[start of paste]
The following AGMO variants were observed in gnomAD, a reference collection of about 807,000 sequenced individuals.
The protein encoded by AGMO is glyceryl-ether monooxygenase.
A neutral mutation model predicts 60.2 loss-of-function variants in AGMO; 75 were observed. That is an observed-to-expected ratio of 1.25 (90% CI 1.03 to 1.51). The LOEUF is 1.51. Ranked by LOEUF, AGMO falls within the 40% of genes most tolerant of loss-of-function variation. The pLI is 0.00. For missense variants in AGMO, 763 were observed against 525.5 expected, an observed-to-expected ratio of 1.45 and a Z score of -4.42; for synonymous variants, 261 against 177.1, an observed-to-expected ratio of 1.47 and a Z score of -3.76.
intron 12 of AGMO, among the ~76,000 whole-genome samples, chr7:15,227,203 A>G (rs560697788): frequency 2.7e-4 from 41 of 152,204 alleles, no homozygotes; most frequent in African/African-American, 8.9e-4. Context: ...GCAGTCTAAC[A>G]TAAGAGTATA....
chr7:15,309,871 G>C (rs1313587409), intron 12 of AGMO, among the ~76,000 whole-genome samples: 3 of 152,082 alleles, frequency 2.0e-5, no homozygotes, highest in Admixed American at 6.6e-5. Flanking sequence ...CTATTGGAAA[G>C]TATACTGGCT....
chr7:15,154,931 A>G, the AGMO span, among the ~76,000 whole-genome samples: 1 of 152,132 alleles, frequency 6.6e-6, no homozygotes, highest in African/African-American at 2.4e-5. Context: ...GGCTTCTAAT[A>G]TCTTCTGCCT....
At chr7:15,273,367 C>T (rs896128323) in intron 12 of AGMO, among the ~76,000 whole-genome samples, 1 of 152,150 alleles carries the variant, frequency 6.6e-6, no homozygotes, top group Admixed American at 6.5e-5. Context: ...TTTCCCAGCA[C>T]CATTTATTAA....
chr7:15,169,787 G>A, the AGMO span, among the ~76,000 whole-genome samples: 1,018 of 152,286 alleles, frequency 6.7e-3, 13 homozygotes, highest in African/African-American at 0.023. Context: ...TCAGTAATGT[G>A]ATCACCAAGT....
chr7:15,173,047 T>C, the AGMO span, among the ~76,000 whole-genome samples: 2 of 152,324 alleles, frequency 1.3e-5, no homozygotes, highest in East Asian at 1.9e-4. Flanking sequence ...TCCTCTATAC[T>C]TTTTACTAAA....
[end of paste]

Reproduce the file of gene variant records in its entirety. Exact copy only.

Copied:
The following AGMO variants were observed in gnomAD, a reference collection of about 807,000 sequenced individuals.
The protein encoded by AGMO is glyceryl-ether monooxygenase.
A neutral mutation model predicts 60.2 loss-of-function variants in AGMO; 75 were observed. That is an observed-to-expected ratio of 1.25 (90% CI 1.03 to 1.51). The LOEUF is 1.51. Ranked by LOEUF, AGMO falls within the 40% of genes most tolerant of loss-of-function variation. The pLI is 0.00. For missense variants in AGMO, 763 were observed against 525.5 expected, an observed-to-expected ratio of 1.45 and a Z score of -4.42; for synonymous variants, 261 against 177.1, an observed-to-expected ratio of 1.47 and a Z score of -3.76.
intron 12 of AGMO, among the ~76,000 whole-genome samples, chr7:15,227,203 A>G (rs560697788): frequency 2.7e-4 from 41 of 152,204 alleles, no homozygotes; most frequent in African/African-American, 8.9e-4. Context: ...GCAGTCTAAC[A>G]TAAGAGTATA....
chr7:15,309,871 G>C (rs1313587409), intron 12 of AGMO, among the ~76,000 whole-genome samples: 3 of 152,082 alleles, frequency 2.0e-5, no homozygotes, highest in Admixed American at 6.6e-5. Flanking sequence ...CTATTGGAAA[G>C]TATACTGGCT....
chr7:15,154,931 A>G, the AGMO span, among the ~76,000 whole-genome samples: 1 of 152,132 alleles, frequency 6.6e-6, no homozygotes, highest in African/African-American at 2.4e-5. Context: ...GGCTTCTAAT[A>G]TCTTCTGCCT....
At chr7:15,273,367 C>T (rs896128323) in intron 12 of AGMO, among the ~76,000 whole-genome samples, 1 of 152,150 alleles carries the variant, frequency 6.6e-6, no homozygotes, top group Admixed American at 6.5e-5. Context: ...TTTCCCAGCA[C>T]CATTTATTAA....
chr7:15,169,787 G>A, the AGMO span, among the ~76,000 whole-genome samples: 1,018 of 152,286 alleles, frequency 6.7e-3, 13 homozygotes, highest in African/African-American at 0.023. Context: ...TCAGTAATGT[G>A]ATCACCAAGT....
chr7:15,173,047 T>C, the AGMO span, among the ~76,000 whole-genome samples: 2 of 152,324 alleles, frequency 1.3e-5, no homozygotes, highest in East Asian at 1.9e-4. Flanking sequence ...TCCTCTATAC[T>C]TTTTACTAAA....